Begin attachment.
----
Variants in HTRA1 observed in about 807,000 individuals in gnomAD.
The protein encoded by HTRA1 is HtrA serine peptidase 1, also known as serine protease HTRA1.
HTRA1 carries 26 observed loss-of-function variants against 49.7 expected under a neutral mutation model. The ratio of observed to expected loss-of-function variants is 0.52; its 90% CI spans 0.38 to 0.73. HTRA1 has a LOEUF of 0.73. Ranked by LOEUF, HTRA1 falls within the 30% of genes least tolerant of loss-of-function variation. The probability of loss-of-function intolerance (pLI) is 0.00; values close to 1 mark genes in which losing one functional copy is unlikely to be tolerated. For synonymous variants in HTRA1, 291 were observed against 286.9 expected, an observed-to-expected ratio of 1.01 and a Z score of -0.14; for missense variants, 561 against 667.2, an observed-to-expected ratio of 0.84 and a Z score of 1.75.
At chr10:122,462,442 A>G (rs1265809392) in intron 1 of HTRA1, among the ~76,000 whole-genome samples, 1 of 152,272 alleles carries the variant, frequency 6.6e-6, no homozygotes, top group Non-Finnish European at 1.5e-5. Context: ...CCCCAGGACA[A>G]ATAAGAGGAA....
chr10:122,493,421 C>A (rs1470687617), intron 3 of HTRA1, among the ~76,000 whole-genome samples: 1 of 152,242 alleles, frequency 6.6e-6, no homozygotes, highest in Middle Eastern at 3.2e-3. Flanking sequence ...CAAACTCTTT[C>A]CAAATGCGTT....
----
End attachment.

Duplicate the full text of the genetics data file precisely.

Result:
Variants in HTRA1 observed in about 807,000 individuals in gnomAD.
The protein encoded by HTRA1 is HtrA serine peptidase 1, also known as serine protease HTRA1.
HTRA1 carries 26 observed loss-of-function variants against 49.7 expected under a neutral mutation model. The ratio of observed to expected loss-of-function variants is 0.52; its 90% CI spans 0.38 to 0.73. HTRA1 has a LOEUF of 0.73. Ranked by LOEUF, HTRA1 falls within the 30% of genes least tolerant of loss-of-function variation. The probability of loss-of-function intolerance (pLI) is 0.00; values close to 1 mark genes in which losing one functional copy is unlikely to be tolerated. For synonymous variants in HTRA1, 291 were observed against 286.9 expected, an observed-to-expected ratio of 1.01 and a Z score of -0.14; for missense variants, 561 against 667.2, an observed-to-expected ratio of 0.84 and a Z score of 1.75.
At chr10:122,462,442 A>G (rs1265809392) in intron 1 of HTRA1, among the ~76,000 whole-genome samples, 1 of 152,272 alleles carries the variant, frequency 6.6e-6, no homozygotes, top group Non-Finnish European at 1.5e-5. Context: ...CCCCAGGACA[A>G]ATAAGAGGAA....
chr10:122,493,421 C>A (rs1470687617), intron 3 of HTRA1, among the ~76,000 whole-genome samples: 1 of 152,242 alleles, frequency 6.6e-6, no homozygotes, highest in Middle Eastern at 3.2e-3. Flanking sequence ...CAAACTCTTT[C>A]CAAATGCGTT....